PAM supports commonly-used functions including insertion, deletion, lookup, union, intersection, difference, map-reduce, filter, range, etc., for four balancing schemes.
All algorithms in PAM are asymptotically work-efficient (sequentially optimal) with polylogarithmic parallel depth.
PAM uses fork-join parallelism supported by Cilk. All algorithms have polylogarithmic parallel depth and have been shown to be scalable to more than 100 working threads. All tested algorithms in PAM achieve good parallel self-speedup in practice.
PAM implements fully-persistent tree structures using path-copying, meaning that any update on the tree structure will not destruct the old tree structure but yield a new version. The trees are also strongly-immutable or functional.
MVCC in PAM is supported based on persistence. Any number of threads can access the tree concurrently safely, working on a snapshot. The multi-versioning is achieved via snapshots. For supporting serializability, batching with a single writer is recommended. Other version-control algorithms can be applied. E.g., aborting when detecting conflicts.
PAM uses reference counting for fine-grained garbage collection. The garbage collector will only free the tree nodes only appearing in the to-be-collected version, while keeping those shared with other versions. The garbage collection algorithm also runs in parallel.
PAM uses the Join-based algorithm framework. Except Join all the other algorithms are generic across multiple balancing schemes (four implemented in PAM: AVL trees, red-black trees, weight-balanced trees, and treaps). The algorithms are also simple and PAM has light-weighted code.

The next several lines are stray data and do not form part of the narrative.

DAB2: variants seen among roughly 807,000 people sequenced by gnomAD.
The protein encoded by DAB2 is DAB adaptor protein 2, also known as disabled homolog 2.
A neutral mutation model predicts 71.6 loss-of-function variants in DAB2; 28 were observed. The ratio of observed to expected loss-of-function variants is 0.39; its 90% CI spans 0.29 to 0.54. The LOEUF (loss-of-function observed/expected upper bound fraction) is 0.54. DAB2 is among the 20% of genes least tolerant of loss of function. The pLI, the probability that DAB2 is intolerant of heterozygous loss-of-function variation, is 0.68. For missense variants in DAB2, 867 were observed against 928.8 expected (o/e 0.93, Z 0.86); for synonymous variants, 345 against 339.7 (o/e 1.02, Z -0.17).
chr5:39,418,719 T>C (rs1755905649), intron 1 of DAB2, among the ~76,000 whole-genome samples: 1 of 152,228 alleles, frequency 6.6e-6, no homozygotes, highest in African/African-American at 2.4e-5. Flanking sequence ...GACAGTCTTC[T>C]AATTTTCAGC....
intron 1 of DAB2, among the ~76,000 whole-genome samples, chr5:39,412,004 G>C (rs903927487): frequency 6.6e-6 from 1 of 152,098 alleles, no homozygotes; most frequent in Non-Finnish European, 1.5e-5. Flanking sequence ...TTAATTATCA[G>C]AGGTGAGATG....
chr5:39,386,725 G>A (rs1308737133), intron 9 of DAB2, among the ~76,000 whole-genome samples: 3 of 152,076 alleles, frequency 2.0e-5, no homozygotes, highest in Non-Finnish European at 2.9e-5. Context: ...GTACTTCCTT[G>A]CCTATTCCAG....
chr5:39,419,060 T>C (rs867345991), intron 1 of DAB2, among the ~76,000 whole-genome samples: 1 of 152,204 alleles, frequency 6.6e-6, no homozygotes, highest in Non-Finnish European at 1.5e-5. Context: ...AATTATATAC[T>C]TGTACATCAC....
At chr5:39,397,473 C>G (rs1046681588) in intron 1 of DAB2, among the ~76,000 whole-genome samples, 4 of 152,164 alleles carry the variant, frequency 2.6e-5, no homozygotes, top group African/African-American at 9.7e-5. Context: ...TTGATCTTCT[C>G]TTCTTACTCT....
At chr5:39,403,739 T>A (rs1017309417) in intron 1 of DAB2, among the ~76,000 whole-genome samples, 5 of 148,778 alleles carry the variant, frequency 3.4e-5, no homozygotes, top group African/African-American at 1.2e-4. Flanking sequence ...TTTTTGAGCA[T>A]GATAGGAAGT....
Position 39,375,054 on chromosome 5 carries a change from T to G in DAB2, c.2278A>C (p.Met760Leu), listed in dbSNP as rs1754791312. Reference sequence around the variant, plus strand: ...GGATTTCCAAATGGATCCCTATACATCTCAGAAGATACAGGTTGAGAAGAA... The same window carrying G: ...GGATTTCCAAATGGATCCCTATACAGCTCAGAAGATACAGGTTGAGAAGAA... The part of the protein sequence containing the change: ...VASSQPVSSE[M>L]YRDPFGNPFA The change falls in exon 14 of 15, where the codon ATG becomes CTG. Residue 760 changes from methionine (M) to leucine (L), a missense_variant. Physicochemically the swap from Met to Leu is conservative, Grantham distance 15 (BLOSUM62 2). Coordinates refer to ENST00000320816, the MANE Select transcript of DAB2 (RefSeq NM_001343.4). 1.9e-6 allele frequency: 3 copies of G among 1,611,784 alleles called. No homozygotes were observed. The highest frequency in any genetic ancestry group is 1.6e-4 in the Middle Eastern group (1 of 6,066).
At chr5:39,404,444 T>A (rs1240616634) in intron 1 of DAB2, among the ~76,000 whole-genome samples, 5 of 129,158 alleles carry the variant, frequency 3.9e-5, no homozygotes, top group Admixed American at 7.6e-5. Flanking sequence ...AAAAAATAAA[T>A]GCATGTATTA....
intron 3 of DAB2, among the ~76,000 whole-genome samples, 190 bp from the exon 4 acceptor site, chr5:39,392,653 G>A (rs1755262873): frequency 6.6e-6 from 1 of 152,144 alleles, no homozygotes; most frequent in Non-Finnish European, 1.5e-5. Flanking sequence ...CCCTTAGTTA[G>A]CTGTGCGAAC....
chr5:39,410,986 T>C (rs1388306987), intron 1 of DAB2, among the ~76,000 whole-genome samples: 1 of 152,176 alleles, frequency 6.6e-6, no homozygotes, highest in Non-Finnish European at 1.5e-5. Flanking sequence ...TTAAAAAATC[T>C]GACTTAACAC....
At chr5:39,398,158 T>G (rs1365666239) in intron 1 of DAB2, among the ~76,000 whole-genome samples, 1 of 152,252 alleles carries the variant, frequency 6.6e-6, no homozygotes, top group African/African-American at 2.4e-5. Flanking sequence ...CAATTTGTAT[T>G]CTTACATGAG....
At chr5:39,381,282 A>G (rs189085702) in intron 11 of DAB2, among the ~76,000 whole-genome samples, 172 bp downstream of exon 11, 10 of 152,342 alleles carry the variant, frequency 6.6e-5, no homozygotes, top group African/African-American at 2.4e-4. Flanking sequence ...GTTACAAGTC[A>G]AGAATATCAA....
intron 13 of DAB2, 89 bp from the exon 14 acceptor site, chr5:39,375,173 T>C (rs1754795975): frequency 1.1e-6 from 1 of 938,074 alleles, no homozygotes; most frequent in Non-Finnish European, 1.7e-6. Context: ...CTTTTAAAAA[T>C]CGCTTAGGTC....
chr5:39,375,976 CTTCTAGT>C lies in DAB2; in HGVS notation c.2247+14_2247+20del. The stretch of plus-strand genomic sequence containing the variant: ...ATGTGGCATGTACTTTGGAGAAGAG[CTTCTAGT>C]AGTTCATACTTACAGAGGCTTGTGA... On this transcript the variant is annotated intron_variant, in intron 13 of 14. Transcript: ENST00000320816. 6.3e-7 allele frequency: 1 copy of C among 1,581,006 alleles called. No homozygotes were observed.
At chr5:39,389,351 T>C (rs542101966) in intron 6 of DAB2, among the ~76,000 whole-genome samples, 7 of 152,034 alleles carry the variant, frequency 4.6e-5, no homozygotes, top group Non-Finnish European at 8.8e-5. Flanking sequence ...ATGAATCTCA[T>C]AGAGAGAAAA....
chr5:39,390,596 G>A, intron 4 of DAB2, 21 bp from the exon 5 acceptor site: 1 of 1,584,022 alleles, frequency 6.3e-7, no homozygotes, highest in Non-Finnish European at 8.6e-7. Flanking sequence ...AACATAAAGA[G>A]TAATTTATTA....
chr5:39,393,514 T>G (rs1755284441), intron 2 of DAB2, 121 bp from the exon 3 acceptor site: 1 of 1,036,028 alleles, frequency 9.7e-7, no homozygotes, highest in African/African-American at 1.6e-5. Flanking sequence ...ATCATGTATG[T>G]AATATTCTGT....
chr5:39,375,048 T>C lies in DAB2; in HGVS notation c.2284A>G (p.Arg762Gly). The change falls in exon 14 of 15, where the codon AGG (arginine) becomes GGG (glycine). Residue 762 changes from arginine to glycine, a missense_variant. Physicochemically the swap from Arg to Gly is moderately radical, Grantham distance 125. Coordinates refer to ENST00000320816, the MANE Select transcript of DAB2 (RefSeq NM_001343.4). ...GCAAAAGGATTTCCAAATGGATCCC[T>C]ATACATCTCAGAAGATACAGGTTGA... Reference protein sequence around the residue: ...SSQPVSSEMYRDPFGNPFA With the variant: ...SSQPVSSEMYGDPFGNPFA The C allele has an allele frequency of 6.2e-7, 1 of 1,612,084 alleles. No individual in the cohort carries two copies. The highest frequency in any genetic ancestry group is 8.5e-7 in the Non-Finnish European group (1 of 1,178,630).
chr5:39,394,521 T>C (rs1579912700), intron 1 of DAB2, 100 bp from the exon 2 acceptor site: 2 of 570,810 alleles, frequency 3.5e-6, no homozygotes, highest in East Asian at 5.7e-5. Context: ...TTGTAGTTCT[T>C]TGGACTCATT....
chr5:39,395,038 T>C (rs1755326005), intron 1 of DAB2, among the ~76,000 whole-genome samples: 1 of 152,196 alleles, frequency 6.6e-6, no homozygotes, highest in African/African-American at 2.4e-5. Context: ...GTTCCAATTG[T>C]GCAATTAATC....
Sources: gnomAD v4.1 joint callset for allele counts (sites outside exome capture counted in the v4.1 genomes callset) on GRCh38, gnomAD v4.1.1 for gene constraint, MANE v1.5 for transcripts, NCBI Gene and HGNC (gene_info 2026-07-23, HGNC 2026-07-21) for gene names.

PAM support an abstract framework for augmentations through C++ template. The framework is formalized as the augmented map, which is an abstract data type extending ordered (key-value) maps. PAM support two data structures for augmented maps: augmented trees and prefix structures.
PAM supports clean general-purpose interface such that many applications can be implemented directly on top of PAM. The library provides example code for applications in computational geometry (e.g., range trees) and inverted index searching. PAM has also been applied to graph processing systems and database management systems. Making use of PAM simplifies coding and greatly reduces the number of lines of code.
Join-based algorithms and proofs for bounds.
Implementation details of the library and the formalization of augmented maps.
Applied to computational geometry algorithms.
Applied to multi-version concurrency control with effective garbage collection.
Yihan Sun is currently a Ph.D. student at CMU working on parallel algorithms.
Guy Blelloch is a professor, and the Associate Dean for Undergraduate Programs at CMU.
Daniel Ferizovic was involved in this work when he was a student intern at CMU.
We thank the PBBS team because PAM uses several building blocks in PBBS.
We also would like to thank Laxman Dhulipala and Joana Fonseca for reporting several bugs in the library.